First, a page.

Book Review: You Are So Not Invited to My Bat Mitzvah!

You Are So Not Invited to My Bat Mitzvah! by Fiona Rosenbloom
This book will be released in September 2005.

SUMMARY: Stacy Friedman is getting ready for her bat mitzvah, and all she wants is the perfect dress, her friends by her side, and Andy Goldfarb to dance with her. But Stacy's plans start to fall apart, beginning with her stressed-out mother forcing her to buy a hideous sequined dress that makes her look like the bride of Frankenstein. Then, a betrayal by her best friend causes Stacy to utter the words that will wreak her social life..."You are so not invited to my bat mitzvah!" (adapted from the back cover)

OPINION: This book has all of the typical chick-lit elements: close friendships, cute boys, fabulous clothes, great parties, and, of course, a betrayal that (almost) wrecks everything! What makes it stand out is that it all centers around Stacy Friedman's bat mitzvah, a traditional Jewish coming-of-age ritual. This was a light, enjoyable read that managed to combine religion and humor pretty successfully. I really liked the chapter titles, including my personal favorite: "Avocado Schmear With a Side Order of Fried Frienship"!


Book Review: Sexy

Sexy by Joyce Carol Oates

SUMMARY: Sixteen-year-old Darren Flynn is a good-looking "guy's guy," a junior on the swim team, but he is uncomfortable with his maturing body and with girls. A seemingly innocent encounter with his English teacher, Mr. Tracy, troubles Darren. There are rumors Tracy is gay, and after the teacher flunks one of Darren's teammates, some boys retaliate, implicating Tracy in child porn. Tracy, who insists he is innocent, appeals to Darren for help. Will Darren stand up for his teacher?

OPINION: I am not particularly attached to this book, nor do I hate it. Teens deal with a lot of body image concerns, and it is good to see authors writing about boys' issues in this area. So, the premise was good, but, as the story unfolded, it just wasn't that interesting. This could have been a very psychological novel, but the plot devices just didn't unfold enough depth or motivation from the main characters.


Book Review: Geography Club

Geography Club by Brent Hartinger

SUMMARY: How can a diverse group of gay and lesbian students meet at school without drawing attention to themselves? Easy. They form a club that's so boring, no one will want to join: Geography Club. This club doesn't learn much geography, but they learn plenty about the treachery of high school and the danger of the human heart.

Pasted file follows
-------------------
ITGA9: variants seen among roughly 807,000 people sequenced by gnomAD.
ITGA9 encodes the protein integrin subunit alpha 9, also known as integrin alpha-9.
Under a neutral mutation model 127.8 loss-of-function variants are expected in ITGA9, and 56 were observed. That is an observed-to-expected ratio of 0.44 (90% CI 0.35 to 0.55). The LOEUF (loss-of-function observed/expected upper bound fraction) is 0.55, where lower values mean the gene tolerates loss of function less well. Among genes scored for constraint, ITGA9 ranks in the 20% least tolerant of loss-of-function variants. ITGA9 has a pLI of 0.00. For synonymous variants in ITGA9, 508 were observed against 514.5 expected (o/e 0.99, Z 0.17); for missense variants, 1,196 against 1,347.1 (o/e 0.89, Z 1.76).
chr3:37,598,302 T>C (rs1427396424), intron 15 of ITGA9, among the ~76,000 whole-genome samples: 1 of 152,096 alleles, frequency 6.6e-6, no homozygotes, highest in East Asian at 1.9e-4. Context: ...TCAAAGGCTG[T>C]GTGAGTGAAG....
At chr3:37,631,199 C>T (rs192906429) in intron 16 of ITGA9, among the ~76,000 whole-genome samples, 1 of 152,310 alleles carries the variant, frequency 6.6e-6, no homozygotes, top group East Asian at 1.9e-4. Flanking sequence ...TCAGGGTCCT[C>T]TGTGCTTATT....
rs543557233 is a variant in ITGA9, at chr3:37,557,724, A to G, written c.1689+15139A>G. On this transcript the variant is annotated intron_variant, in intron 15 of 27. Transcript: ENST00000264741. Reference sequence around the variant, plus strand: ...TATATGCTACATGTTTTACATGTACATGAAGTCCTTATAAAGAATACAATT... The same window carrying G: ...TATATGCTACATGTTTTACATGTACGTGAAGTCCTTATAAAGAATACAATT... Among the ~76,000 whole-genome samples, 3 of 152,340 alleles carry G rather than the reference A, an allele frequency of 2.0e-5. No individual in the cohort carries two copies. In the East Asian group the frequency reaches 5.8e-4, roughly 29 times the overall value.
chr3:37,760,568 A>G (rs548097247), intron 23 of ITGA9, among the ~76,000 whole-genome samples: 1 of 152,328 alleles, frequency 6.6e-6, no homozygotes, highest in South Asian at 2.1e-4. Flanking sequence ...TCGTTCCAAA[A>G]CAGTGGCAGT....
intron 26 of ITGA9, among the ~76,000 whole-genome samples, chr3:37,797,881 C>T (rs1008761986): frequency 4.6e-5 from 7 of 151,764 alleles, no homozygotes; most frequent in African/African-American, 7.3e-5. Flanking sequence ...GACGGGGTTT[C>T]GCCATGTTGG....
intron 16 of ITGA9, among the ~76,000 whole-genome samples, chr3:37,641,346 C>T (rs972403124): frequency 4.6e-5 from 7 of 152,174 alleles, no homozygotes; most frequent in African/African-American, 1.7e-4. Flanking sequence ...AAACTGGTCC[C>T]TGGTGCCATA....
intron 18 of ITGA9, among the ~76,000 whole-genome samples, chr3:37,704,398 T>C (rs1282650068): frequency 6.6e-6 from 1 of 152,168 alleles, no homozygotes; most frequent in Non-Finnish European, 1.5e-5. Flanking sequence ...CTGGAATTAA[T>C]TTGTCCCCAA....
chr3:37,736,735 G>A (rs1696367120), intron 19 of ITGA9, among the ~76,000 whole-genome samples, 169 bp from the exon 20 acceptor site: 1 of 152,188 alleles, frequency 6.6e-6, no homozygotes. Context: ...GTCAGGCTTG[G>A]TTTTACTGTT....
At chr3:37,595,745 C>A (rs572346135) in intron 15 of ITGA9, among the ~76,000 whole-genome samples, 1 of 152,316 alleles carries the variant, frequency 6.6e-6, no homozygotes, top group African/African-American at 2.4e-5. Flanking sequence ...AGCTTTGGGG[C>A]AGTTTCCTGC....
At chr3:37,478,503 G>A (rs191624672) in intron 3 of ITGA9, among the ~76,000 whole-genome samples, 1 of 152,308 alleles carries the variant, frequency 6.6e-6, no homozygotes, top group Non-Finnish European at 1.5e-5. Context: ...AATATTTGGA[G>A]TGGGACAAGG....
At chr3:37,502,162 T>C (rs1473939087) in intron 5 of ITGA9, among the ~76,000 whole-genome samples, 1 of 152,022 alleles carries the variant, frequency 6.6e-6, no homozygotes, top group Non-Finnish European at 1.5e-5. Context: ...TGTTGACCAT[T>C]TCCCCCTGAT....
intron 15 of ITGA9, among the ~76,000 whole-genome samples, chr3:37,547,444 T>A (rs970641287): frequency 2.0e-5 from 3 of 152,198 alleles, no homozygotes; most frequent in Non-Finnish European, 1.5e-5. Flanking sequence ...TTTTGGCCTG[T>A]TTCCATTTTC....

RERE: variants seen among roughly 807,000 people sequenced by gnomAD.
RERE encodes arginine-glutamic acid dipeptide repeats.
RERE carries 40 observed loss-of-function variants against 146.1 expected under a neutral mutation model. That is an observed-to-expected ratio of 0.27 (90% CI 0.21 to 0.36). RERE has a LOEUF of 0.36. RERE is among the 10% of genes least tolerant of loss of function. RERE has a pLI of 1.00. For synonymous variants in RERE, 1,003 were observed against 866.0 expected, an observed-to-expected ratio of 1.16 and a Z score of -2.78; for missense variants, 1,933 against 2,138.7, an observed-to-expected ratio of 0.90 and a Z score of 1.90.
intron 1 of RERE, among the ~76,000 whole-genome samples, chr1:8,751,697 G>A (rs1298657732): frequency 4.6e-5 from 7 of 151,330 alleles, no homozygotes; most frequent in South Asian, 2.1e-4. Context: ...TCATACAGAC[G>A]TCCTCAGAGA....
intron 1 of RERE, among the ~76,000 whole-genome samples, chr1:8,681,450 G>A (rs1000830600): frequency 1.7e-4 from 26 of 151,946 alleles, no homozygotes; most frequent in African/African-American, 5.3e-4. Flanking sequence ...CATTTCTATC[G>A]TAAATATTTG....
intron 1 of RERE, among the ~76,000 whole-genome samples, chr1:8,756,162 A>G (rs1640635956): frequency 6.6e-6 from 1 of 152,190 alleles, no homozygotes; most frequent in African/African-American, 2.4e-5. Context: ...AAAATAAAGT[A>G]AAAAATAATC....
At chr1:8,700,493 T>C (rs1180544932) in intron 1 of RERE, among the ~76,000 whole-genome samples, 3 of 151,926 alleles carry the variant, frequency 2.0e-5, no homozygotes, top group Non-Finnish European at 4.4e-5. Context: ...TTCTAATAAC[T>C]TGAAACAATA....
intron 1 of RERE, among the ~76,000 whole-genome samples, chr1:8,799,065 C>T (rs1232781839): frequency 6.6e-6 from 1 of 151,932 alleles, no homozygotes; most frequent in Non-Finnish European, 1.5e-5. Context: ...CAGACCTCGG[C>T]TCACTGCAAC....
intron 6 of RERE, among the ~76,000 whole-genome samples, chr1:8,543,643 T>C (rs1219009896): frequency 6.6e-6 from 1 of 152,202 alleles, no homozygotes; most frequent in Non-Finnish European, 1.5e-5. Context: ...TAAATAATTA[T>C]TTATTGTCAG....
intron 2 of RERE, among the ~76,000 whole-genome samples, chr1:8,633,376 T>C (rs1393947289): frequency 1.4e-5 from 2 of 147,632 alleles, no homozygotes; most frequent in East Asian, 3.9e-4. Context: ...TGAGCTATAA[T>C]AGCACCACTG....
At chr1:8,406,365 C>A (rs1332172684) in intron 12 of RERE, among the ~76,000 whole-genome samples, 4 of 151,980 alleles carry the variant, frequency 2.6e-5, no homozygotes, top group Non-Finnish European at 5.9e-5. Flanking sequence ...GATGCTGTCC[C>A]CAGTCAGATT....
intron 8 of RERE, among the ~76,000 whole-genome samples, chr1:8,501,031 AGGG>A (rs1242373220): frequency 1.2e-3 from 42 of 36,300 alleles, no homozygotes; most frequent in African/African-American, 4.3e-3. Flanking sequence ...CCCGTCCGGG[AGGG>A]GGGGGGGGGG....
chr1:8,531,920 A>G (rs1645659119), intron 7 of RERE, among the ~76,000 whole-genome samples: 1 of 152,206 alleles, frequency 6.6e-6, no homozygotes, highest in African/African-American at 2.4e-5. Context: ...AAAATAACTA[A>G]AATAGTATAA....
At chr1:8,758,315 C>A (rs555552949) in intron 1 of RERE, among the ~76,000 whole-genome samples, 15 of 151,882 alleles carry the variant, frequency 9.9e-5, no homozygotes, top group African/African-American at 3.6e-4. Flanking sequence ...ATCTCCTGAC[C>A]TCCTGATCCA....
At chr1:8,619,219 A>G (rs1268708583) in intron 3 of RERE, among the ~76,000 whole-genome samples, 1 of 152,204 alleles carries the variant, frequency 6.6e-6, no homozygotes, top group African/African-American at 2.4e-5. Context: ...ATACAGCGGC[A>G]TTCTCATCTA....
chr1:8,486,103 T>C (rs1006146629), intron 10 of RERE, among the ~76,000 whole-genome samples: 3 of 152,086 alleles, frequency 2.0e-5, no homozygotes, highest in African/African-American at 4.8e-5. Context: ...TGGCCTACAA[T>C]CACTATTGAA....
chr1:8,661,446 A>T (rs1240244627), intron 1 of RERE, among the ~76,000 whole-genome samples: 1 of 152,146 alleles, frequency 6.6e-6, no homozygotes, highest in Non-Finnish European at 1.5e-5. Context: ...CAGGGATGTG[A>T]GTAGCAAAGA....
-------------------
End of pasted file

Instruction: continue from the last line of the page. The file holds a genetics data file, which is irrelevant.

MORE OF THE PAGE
OPINION: This was Hartinger's first novel, and it now has a sequel called The Order of the Poison Oak. Hartinger has some street cred to deal with these issues. Not only is he gay, but he helped start a support group for gay and lesbian teens in his town. This book is fairly believable in its characterization of gay and straight (and bisexual) characters. It is sometimes funny, sometimes depressing, but always truthful in facing difficult issues head-on.


Book Review: Fresh Off the Boat

Fresh Off the Boat by Melissa de la Cruz

SUMMARY: Newly arrived from the Phillippines, 14-year-old Vicenza is a scholarship student at a snooty private girls' school in San Francisco. She dreams of love with Tobey Maguire, not having to shop at thrift stores, and being accepted by the wealthy, popular girls at school. Instead, she and her family work multiple jobs and squeeze every penny to pay for necessities. Can Vicenza find real friendship and love in America without any money? (adapted from the review by Booklist)

OPINION: This book is chic-lit with a twist: Vicenza, or "V", is a Filipina whose family has illegally immigrated to the US by overstaying their travel visas. V is a believable character who is struggling with issues familiar to many immigrant teens: traditional family expectations, poverty, and wanting to be a "typical American teenager." This book is not boring or heavy-handed--it is a genuinely fun read, carried by V's personality and some hilarious situations.

BEST QUOTE: "Books borrowed from the library were valued but ephemeral pleasures." (p. 129)


Book Review: Romiette and Julio

Romiette and Julio by Sharon M. Draper

SUMMARY: Romiette and her friend Destiny have been trying to find romance through the Scientific Soul Mate System dream program. However, Romiette keeps having horrible nightmares about fire and water. All this seems to change when she meets Julio, a new student at her school. It is love at first sight! However, a school gang violently opposes interracial dating and puts the lives of Romiette and Julio in jeopardy.

OPINION: I wanted to read this book because the title is humorous. And, as I expected, the story is a modern version of the Shakespeare classic. It is simultaneously romantic and suspenseful, although the author does tend to reference the Shakespeare stuff a bit too often. Everyone knows the story. However, the author is a high school teacher, and it is obvious that she writes from experience with students. I really liked the characters and thought the book was very clever.